Natalie Shammas, APA ’14, Duke ’18, returns to Parrott as Cum Laude Society speaker
Natalie Shammas, Duke University ’18, returned to her alma mater to speak to the new class of Cum Laude Society inductees. In her address, she stressed three lessons that she learned since her induction her junior year at Parrott. In her own words…
1) Embrace uncertainty. Everyone’s journeys after high school will not and should not be straight paths. They should allow their paths to be convoluted and give themselves grace in being undecided.
- “For those of you who think you 100% know what you want to do, you’d be doing yourself a disservice by not exploring different areas and having an open mind. For those of you who were lost like I was, you should not be stressed. Embrace your uncertainty because there is no better place to experiment with your passions than college. Along the way, you will start to find what makes you tick. If I had let my anxiety over my unconventional route affect me, I wouldn’t have majored in Psychology, I wouldn’t have discovered my interest in consumer psych, and I wouldn’t have found connections between consumer psychology and marketing that ultimately led me to Google. My first piece of advice is to embrace uncertainty) Failure is not final; it is simply feedback to direct you along another path.
2) Failure is not final; it is simply feedback to direct you along another path.
- “As you embrace uncertainty and begin carving your own path, you will quickly learn that missteps, roadblocks, and failure will be inevitable. It is misleading, in my opinion, to talk about success without referencing failure. I know of no one who has achieved something significant without also experiencing their share of hardship, frustration, and regret. Here’s the truth, throughout college, you will fail, and you will likely fail often. It may be painful and it may be discouraging, and at times it will test you–as it has tested me–to your very core. However, please believe me when I tell you that failure isn’t final and it isn’t fatal-it is simply feedback to direct you along another path.”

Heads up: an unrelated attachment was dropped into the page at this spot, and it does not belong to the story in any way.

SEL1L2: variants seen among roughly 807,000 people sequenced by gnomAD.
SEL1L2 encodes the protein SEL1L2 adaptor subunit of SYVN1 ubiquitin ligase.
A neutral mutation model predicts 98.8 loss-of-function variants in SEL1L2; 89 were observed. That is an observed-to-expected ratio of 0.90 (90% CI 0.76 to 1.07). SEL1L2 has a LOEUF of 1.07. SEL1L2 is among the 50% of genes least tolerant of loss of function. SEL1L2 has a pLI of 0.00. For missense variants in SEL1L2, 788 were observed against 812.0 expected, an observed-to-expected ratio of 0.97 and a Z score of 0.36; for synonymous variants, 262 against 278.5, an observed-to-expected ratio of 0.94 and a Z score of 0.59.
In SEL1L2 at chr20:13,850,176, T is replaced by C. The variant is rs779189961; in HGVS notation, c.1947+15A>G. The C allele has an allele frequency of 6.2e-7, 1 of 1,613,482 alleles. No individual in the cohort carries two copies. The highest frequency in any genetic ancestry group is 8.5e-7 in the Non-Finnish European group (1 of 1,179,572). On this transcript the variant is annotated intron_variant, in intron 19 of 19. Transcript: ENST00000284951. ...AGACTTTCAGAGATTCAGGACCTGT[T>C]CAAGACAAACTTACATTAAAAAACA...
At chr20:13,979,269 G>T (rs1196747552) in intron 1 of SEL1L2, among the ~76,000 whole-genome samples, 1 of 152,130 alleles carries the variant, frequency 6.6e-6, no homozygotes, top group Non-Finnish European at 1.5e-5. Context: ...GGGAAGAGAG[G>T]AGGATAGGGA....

3) Take things step-by-step and day-by-day. Don’t let your end goals blind you from becoming all you’re meant to become.
- “As I previously mentioned, when I first got to Duke, I put immense pressure on myself to discover what my “big thing” was. I quickly realized when I came home feeling empty after my freshman year, that I was blinded by focusing on what was at the end of my path, rather than the small steps I needed to take to get there. With all the time spent trying to figure out what my “big thing” was going to be, I passed over a lot of small things that could have really added up. College has the potential to be one of the most trans-formative periods of your life. No matter if you go to a small private university or a large state school, you will be presented with opportunities you’ve never been exposed to, you will be surrounded with people who are different from you, and you will be part of a community that is bigger than yourself. What a shame it would be if you are so blinded by your end goals that you didn’t take advantage of all that your new home has to offer.”